Cyber Security Executive Order
On May 11 President Trump signed the “Presidential Executive Order on Strengthening the Cybersecurity of Federal Networks and Critical Infrastructure” into law. This Executive Order had three main goals: To protect federal networks, reinforce critical IT infrastructure and to provide security to the American public online. The text of the order itself doesn’t add much in the way of steps to be taken by federal agencies, but it does add timelines for those agencies to improve their cyber practices.
The text of the order moves federal agencies to consolidate their networks into a cohesive whole, instead of the separate networks that each agency has. This has several benefits, such as allowing the agencies to pool their resources for large problems. It also means that agencies can work to develop defensive measures cooperatively instead of each agency producing them separately.
The Executive Order requires that “…each agency head shall use The Framework for Improving Critical Infrastructure Cybersecurity (the Framework) developed by the National Institute of Standards and Technology, or any successor document, to manage the agency’s cybersecurity risk.”
This means that federal agencies would have to use the NIST Cyber security Framework to structure their cybersecurity programs. This would make sense, as the second part of the order calls for an audit of all major systems. This would fulfill the part of the NIST Framework that calls for a risk management assessment to be used to determine how each system should be protected. Putting this requirement in the body of an Executive Order means that federal agencies now have the onus to pursue their cyber security protection goals.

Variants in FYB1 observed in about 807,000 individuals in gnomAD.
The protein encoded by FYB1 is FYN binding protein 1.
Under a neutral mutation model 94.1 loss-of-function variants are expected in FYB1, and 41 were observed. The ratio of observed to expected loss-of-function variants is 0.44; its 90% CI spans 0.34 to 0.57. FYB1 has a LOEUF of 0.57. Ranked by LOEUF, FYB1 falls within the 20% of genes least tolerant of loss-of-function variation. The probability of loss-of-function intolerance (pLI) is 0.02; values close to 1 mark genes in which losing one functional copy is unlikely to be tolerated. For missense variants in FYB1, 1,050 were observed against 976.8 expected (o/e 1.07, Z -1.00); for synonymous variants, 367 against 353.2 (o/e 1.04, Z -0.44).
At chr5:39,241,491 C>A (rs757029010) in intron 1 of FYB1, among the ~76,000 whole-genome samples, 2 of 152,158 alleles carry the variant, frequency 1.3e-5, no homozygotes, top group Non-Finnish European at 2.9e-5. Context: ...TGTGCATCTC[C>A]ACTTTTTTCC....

The final part of the order calls for the United States to prepare a plan to protect its citizens online. This includes working with our allies overseas to develop an effective cyber security plan. The order requires that within 90 days all appropriate agencies will have submitted an overview of their top cyber security threats and procedures for dealing with them. The order also calls for the growth and development of a workforce skilled in cyber security practices, to help maintain the growing cyber infrastructure.
Another part of the third section of the order requires that the president be briefed on all viable strategies to protect the American citizen. This includes deterrence strategies that will make it less viable for foreign actors to commit a cybercrime against a US citizen. Possible deterrents could involve retaliatory cyber-attacks against repeat offenders, or it could mean tracking and turning over any cyber criminals to the appropriate authorities.
The report by federal agencies on vulnerabilities to botnet attacks and other forms of cyber-attack is required to be made public within 240 days of the order being signed into law. This would be a great benefit for the public and private sector. This report would also provide insight on how to improve the internet’s backbone and supporting services. This upgrade for the internet support structure would provide room for improvements in the future, which in turn could fuel economic growth. Part of the reports required is an overview of the viability of training a new workforce skilled in cyber security techniques and IT infrastructure.
Max is a Legal Assistant and author residing in the Philadelphia area He has been writing for AskCyberSecurity.com since early 2017.